Specific Communication Approaches

There is no panacea to address vaccine hesitancy. Instead, health professionals need to access a variety of tools and approaches to best collaborate with their clients. Presumptive statements and motivational interviewing have been identified as effective tools for communicating about vaccines.

Presumptive Statements

Presumptive statements reinforce vaccination as a normative choice, without inadvertently suggesting that clients should be worried about vaccines. Healthcare professionals can use presumptive statements such as “your child’s next vaccine is due in two months…” or “I see your child is getting the one-year vaccines today.”

Motivational Interviewing

Motivational interviewing (MI) emerged in the 1980s as an approach to establish a safe and open environment for persons managing substance abuse. It is a client-centered approach that supports clients’ motivations to change and addresses internal ambivalence (Miller & Rollnick, 2013). MI was recently applied to vaccine hesitancy because of its appreciative-inquiry qualities. Appreciative-inquiry privileges strengths and motivations of clients, rather than focusing on the negativity of antivaccination. Health professionals should consider the principles of MI as a tool among other strategies. There are five principles of MI: 1) express empathy through reflection; 2) develop discrepancy between client goals, values, and behaviours; 3) avoid argument and direct confrontation; 4) adjust to client resistance rather than opposing it directly; 5) encourage self-efficacy and optimism (Miller & Rollnick, 1991, p. 51-52). This approach relies on health professionals collaborating with clients and actively encouraging their participation in decision making, see Table 5.2 for motivational interviewing tips.


Table 5.2: Motivational Interviewing Tips

Motivational Interviewing Principle Pointers Talking Quotes

Express empathy through reflection


  • Convey respect for the client’s view.
  • Avoid talking ‘at’ the client, as if a one-way stream of information.
  • Convey nonjudgment and be mindful of body language and tone.
  • Recognize that ambivalence is normal.
  • “I can understand that you want what is best for your child.”
  • “Tell me more about your concern.”
  • “Perhaps I can provide some information for you.”



Develop discrepancy between client goals, values, and behaviours


  • Explore awareness for consequences of not vaccinating (without engaging in scare tactics).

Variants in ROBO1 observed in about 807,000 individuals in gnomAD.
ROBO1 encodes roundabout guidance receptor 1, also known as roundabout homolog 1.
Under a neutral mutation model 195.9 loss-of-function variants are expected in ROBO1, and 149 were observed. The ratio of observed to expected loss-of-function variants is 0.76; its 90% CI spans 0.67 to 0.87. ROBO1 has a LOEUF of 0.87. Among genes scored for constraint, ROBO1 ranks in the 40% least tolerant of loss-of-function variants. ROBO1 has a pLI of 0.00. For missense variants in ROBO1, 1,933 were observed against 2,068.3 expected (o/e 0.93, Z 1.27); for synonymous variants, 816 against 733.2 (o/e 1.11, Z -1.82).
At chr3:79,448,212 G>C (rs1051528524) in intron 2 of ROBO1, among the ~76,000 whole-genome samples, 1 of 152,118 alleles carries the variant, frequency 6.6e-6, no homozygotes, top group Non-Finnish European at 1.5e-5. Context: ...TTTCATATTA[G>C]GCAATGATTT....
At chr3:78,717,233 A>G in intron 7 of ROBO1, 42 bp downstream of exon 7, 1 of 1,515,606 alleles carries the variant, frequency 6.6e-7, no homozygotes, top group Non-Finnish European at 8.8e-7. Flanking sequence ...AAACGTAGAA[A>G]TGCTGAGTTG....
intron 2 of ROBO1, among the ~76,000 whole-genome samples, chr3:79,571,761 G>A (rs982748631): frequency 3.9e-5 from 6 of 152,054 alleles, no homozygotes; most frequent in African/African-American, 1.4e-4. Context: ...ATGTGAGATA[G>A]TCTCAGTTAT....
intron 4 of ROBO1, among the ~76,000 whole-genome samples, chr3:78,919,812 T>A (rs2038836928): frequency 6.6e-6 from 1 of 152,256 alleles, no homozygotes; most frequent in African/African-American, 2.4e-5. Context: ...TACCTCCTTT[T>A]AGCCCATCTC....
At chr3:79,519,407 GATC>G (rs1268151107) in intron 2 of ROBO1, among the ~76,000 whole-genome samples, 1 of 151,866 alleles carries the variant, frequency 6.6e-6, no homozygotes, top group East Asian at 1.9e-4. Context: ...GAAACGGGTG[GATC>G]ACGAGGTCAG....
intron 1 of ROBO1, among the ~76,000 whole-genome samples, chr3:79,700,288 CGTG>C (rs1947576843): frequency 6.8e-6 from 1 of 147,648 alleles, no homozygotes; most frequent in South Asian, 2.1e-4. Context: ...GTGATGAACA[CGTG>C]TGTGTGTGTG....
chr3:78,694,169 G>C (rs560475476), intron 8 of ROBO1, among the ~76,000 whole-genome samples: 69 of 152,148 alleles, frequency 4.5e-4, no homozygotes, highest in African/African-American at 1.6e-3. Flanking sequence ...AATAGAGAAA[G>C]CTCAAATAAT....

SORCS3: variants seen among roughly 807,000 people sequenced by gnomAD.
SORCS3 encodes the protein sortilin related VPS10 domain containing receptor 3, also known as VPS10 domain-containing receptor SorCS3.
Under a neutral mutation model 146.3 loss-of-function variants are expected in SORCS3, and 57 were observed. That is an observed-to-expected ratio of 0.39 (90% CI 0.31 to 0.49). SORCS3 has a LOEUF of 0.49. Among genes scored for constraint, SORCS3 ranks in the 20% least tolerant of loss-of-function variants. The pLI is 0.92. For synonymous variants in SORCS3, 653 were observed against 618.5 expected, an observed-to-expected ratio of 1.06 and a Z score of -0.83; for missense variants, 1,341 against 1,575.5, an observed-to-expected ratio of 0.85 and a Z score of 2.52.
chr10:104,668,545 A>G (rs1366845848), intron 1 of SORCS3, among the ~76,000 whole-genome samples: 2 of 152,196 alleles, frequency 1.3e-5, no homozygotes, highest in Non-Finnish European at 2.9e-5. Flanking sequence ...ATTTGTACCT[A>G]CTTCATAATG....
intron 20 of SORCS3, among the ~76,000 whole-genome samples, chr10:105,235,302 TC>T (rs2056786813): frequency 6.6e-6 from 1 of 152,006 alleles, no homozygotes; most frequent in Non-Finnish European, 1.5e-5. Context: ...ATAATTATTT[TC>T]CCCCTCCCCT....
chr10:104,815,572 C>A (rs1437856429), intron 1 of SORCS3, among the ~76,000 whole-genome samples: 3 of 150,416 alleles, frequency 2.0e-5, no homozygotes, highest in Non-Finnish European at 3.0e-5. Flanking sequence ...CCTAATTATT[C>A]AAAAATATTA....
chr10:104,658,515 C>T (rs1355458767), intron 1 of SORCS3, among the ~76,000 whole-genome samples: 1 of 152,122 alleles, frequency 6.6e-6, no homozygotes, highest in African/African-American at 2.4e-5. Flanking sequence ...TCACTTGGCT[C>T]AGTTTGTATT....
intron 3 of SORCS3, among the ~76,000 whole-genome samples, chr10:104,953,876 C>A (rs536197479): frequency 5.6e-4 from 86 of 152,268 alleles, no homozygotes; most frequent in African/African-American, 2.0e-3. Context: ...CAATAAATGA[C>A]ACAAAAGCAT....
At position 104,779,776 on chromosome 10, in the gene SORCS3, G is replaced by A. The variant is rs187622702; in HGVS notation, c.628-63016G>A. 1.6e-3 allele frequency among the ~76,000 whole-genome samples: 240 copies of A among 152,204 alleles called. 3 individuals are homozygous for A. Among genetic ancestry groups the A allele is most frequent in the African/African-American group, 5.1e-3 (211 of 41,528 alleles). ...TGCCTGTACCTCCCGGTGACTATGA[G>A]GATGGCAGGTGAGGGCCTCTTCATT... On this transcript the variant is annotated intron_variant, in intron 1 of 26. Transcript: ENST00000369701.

• Ask client to consider consequences of not vaccinating.
  • “Let’s talk about some of the risks of not vaccinating.”

Avoid argument and direct confrontation


  • Avoid defensiveness and do not take a response personally.
  • Avoid the use of labels like “anti-vaxer.”
  • “Let me see if I am understanding you correctly …”
  • “Let’s talk about your concerns some more.”

Adjust to client resistance rather than opposing it directly


  • Be hopeful for shifting perceptions.
  • Recognize that the client is a valuable resource for finding a solution.
  • “I can appreciate your resourcefulness; let’s talk more about [a specific issue].”

Encourage self-efficacy and optimism


  • Recognize self-determination.
  • Focus on positive shifts rather than negative outcomes.
  • “I think it is positive that you are seeking clarification.”


Table 5.3 provides an overview of helpful strategies for providers to implement when communicating with someone who is vaccine hesitant compared to someone who has refused a (or multiple) vaccines. This is not suggest that these are mutual exclusive ways-of-being, but to highlight that your strategies may shift as a healthcare provider.


Table 5.3: How to respond to vaccine hesitancy vs. vaccine refusal

Vaccine Refuser Vaccine Hesitant
  • Do not dismiss
  • Work on building trust
  • Do not engage in a debate
  • Avoid unidirectional information
  • Ask questions
  • Do not make assumptions
  • Listen and understand
  • Do not overestimate concerns
  • Engage in active listening
  • Tailor responses to specific concerns



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Vaccine Practice for Health Professionals: 1st Canadian Edition Copyright © by Oona St-Amant; Jennifer Lapum; Vinita Dubey; Karen Beckermann; Che-Sheu Huang; Carly Weeks; Kate Leslie; and Kim English is licensed under a Creative Commons Attribution-ShareAlike 4.0 International License, except where otherwise noted.

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